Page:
Renew baptismal promises & fight the good fightBy: Bishop Edward M. Rice
As I write this, we’re gearing up for the second of two weekends of the Steubenville Mid-America Youth Conferences on the campus of Missouri State University. Thousands of young adults gathered for music, sacraments, fellowship, and renewal. As a priest, time spent at these conferences is a real blessing, particularly when so many are moved to participate in Confession.
Each moment in confession is a little moment of conversion, where a person is deepening his or her “yes” to the Lord.
When you and I say “yes” to Christ, suddenly there are other things that just can’t be in our lives anymore. That’s the challenge, because sin is enticing. We can’t fool ourselves about that: Sin is attractive. If it wasn’t, we wouldn’t fall so easily into sin, and we priests wouldn’t hear so many confessions.
When we say “yes” to Christ, we’re really saying “no” to a lot of other things. One of my favorite prayers is found in the missal: Reject whatever is contrary to Christ.
Life & faith
Recently, Pope Francis named new cardinals in the Church. One of them was asked by a newspaper reporter, “What’s the biggest challenge facing the Church in the United States today? What’s the biggest difficulty?”
The cardinal said that the biggest challenge in the Church today is closing the gap between life and faith, closing the gap between what we say we believe—faith—and how we actually live our lives—what we say and what we do.
Faith becomes real when that gap is closed. When it isn’t closed, we become fractured people, trying to behave one way at work, one way at school, one way at church, one way with your spouse, one way with your family, etc. When we say “yes” to Jesus, we close the gap between our “life” and faith. That’s not easy.
We close the gap when we go to Confession. We tell the Lord, “I’m going to reject whatever is contrary to you.” In Confession, we empty ourselves of the sinfulness that’s not going to be a part of our life anymore. Saying yes to Christ means we have to say no to other things. That’s not very popular in our culture. But, if you’re going to be a follower of Christ, your “yes” must invade every fiber of your being.
Reject whatever is contrary to Christ. And in so doing, it should change our behavior; it should change our language. It should change what we search for on a computer. It should change how we relate to a co-worker, a boyfriend, a girlfriend, or a spouse. It should change how we talk to our family, and how we relate to the world and its people.
There are three divisions in the Church: the Church Triumphant in heaven, those saints and all of our loved ones who have gone before us. That’s the Church Triumphant. That’s not us. We’re not in heaven.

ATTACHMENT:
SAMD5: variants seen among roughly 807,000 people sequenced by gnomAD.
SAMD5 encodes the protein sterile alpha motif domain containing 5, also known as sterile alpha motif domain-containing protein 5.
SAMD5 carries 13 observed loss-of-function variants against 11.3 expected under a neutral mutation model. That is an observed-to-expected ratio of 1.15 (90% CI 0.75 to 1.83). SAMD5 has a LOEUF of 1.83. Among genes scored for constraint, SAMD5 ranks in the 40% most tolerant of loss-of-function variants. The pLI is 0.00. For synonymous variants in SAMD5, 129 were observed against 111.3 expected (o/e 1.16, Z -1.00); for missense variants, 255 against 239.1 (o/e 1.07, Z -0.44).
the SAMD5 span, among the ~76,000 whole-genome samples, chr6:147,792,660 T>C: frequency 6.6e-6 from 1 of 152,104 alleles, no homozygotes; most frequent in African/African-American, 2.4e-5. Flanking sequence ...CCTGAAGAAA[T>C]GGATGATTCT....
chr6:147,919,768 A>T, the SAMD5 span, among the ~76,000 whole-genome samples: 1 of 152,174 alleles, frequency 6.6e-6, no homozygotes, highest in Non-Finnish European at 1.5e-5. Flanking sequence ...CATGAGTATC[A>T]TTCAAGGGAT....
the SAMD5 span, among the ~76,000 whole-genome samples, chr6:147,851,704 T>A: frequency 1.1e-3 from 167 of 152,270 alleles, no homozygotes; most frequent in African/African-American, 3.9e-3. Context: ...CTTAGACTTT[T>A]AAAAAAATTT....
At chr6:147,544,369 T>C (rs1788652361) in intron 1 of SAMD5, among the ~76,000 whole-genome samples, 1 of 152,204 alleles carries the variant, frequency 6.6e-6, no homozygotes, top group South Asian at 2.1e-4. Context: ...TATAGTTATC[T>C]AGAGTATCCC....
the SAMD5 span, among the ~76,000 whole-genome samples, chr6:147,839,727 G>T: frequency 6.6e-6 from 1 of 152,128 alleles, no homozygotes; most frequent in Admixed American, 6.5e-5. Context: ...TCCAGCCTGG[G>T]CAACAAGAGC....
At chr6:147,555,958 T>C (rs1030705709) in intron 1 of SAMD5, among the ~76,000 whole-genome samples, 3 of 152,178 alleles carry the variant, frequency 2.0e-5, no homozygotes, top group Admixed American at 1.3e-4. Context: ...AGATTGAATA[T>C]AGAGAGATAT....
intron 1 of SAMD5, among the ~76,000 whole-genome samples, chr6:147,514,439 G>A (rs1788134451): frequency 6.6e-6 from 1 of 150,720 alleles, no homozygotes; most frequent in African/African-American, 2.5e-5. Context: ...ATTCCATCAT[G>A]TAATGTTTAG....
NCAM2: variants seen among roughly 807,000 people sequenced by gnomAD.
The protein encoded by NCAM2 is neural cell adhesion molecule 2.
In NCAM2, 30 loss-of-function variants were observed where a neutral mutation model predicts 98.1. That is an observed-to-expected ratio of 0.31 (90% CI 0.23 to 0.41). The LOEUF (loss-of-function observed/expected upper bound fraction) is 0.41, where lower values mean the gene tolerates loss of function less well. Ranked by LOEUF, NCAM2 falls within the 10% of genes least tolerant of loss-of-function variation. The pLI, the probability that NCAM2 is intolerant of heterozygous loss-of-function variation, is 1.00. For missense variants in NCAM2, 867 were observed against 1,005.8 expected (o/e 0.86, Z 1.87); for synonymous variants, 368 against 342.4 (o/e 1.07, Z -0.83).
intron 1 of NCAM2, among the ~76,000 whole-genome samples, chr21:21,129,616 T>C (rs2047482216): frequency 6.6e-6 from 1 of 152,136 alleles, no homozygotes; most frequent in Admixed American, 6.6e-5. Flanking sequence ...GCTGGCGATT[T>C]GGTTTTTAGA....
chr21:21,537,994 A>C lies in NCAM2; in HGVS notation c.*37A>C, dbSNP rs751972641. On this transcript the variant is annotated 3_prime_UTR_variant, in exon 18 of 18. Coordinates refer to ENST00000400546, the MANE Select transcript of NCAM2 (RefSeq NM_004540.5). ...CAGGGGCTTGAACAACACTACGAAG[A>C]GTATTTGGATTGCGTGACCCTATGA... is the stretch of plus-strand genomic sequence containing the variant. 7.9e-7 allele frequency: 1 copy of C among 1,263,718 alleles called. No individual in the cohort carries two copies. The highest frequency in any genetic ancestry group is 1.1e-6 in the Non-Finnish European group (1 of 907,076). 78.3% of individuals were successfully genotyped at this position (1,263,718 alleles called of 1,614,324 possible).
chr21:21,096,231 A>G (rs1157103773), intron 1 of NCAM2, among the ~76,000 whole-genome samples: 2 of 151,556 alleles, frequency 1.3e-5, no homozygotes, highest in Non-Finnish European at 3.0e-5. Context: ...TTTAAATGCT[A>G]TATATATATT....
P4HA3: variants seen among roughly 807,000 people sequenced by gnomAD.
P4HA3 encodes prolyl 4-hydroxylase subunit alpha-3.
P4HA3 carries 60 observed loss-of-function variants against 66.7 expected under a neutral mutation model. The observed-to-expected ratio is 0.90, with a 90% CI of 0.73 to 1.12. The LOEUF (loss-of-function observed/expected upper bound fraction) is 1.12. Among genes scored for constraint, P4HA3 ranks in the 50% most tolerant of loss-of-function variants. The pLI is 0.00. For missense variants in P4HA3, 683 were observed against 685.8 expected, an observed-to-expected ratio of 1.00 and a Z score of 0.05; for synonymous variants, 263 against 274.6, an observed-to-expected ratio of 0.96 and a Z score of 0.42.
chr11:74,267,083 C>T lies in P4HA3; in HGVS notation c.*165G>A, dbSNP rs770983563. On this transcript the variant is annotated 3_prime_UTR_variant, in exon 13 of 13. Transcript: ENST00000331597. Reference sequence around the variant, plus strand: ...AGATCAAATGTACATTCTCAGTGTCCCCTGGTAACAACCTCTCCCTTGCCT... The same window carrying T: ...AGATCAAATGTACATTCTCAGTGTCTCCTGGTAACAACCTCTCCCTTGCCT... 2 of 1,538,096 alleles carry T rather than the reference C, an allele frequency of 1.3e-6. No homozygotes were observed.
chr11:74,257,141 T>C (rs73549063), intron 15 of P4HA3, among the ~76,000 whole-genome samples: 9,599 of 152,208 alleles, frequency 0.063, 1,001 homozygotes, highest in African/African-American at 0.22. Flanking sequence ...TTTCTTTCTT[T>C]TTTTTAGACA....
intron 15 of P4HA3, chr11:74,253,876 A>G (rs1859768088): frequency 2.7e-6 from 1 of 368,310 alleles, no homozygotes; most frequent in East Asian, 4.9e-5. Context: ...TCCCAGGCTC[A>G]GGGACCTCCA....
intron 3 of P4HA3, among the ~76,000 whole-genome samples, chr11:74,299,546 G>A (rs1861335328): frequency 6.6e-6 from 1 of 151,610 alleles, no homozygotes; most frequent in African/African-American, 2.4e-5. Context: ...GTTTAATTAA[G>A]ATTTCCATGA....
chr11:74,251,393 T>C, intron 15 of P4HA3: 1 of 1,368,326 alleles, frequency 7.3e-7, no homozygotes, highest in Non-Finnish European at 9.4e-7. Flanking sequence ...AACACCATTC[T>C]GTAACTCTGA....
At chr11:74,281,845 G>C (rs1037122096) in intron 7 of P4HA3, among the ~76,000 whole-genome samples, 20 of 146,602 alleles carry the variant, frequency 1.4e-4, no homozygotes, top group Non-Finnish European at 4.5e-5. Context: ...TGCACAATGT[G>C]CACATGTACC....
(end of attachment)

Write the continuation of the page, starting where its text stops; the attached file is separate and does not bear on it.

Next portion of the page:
Then there’s the Church Suffering, those that need our prayers: They’re being purified so that one day they will be the Church in heaven triumphant. We’re not there yet either because we’re still here on earth. What are we? We are the Church Militant, the Church that’s in battle. We are the Church that is fighting the good fight on earth, and listen, believe me when I tell you, there is a battle going on, and it’s for each one of our souls.
Next time we’re tempted, think about being the Church Militant. What will you do? Because it’s in temptation that the battle is really played out.
We’re not let alone to face the battle. The Lord doesn’t say to us, “be holy,” and then not give us the ability and grace to do so: The sacraments, staying close to the Eucharist; the Blessed Mother, the rosary, going to confession, serving our neighbor with contrite hearts.
I encourage you to fight the good fight, reject the things that are contrary to the Gospel, and don’t end until it’s over. Say yes to Christ.
Every Easter, new people come into the Church, and during this big, glorious celebration, every parishioner renews his or her own baptismal promises. Why? Because sometimes we get tired of the battle. Sometimes we need to be renewed in the struggle. Sometimes we need a glass of water while we’re running the good race toward the prize of Christ. So year, after year, after year, we renew our baptismal promises at Easter to remind us who and what we are: claimed for Christ.
In our baptism, each one of us had the cross of Christ traced on our forehead. As a priest, I love that moment, and the beautiful prayer that goes with it: “I claim you for Christ by the sign of His cross.” At baptism, even before we pour the water and invoke the Trinity, we are claimed for Christ by the cross.
The cross identifies us as Roman Catholics. It’s who we are. Each one of us walks around with an invisible cross on our forehead. Take a moment this week and really recommit yourself to Christ. In the beautiful moments of the consecration of the Mass, renew your yes. Renounce Satan, and everything he stands for, all of his empty show. Express your belief in God the Father, God the Son, and God the Holy Spirit.
Peace be with you. The Lord is with you. May almighty God bless you: the Father, the Son , and the Holy Spirit.